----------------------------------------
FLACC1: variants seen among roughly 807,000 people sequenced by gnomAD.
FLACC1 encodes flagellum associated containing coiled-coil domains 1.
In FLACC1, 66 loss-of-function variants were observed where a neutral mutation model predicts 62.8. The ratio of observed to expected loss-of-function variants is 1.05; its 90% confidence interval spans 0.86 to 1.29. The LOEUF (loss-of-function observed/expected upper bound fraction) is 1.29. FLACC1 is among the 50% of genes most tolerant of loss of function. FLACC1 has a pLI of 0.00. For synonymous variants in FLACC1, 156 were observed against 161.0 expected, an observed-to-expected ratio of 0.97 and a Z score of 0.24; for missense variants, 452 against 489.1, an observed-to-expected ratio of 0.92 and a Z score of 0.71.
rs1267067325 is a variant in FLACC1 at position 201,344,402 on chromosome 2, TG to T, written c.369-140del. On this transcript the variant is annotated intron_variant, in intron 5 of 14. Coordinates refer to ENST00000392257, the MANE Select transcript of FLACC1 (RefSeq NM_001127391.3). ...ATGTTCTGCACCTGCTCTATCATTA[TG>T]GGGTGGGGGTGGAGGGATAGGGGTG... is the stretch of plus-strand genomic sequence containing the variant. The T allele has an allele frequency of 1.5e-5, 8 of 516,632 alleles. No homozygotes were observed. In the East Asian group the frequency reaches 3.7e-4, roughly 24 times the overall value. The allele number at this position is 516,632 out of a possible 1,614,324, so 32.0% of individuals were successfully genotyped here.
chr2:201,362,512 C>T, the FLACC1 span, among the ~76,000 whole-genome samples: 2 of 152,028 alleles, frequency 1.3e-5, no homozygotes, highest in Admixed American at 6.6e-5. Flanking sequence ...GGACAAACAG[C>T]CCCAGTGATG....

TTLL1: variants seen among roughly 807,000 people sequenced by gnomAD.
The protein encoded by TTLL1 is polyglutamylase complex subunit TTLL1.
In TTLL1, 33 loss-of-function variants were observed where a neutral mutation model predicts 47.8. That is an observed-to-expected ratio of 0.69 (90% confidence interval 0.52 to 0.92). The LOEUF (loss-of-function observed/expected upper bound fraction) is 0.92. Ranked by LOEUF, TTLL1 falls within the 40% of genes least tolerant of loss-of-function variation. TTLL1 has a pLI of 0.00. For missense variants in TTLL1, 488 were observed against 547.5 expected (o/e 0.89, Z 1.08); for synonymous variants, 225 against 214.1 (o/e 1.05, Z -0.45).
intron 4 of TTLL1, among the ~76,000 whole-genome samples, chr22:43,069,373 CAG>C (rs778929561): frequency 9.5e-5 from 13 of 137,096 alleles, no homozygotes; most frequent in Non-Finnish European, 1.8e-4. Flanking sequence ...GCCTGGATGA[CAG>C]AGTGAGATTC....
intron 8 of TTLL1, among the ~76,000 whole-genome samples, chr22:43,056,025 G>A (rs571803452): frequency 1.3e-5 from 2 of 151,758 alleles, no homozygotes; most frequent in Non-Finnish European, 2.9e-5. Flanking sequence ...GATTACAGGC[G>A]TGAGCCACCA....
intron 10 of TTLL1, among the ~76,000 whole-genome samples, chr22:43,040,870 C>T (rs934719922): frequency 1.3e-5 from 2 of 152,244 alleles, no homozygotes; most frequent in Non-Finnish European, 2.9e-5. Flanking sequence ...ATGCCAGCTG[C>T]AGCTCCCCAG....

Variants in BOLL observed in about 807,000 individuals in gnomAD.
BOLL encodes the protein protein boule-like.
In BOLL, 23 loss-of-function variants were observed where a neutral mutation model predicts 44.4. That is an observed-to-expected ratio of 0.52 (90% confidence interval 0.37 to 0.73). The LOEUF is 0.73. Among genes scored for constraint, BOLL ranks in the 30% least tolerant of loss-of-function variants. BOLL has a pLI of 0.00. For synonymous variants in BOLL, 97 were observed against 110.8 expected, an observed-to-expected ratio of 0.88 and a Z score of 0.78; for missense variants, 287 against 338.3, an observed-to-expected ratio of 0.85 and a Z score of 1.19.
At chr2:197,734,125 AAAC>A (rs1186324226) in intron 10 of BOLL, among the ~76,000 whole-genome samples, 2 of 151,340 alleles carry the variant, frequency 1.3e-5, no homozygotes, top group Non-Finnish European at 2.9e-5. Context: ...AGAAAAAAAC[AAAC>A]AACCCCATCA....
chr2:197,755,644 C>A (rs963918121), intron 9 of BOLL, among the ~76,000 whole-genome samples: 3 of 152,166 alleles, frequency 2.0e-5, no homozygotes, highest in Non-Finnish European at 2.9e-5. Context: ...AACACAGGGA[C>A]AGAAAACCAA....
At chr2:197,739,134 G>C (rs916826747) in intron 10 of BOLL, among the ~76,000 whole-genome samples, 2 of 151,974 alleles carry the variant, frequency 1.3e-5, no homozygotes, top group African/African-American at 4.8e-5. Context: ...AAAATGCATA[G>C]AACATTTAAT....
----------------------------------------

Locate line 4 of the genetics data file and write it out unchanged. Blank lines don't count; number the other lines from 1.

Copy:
rs1267067325 is a variant in FLACC1 at position 201,344,402 on chromosome 2, TG to T, written c.369-140del. On this transcript the variant is annotated intron_variant, in intron 5 of 14. Coordinates refer to ENST00000392257, the MANE Select transcript of FLACC1 (RefSeq NM_001127391.3). ...ATGTTCTGCACCTGCTCTATCATTA[TG>T]GGGTGGGGGTGGAGGGATAGGGGTG... is the stretch of plus-strand genomic sequence containing the variant. The T allele has an allele frequency of 1.5e-5, 8 of 516,632 alleles. No homozygotes were observed. In the East Asian group the frequency reaches 3.7e-4, roughly 24 times the overall value. The allele number at this position is 516,632 out of a possible 1,614,324, so 32.0% of individuals were successfully genotyped here.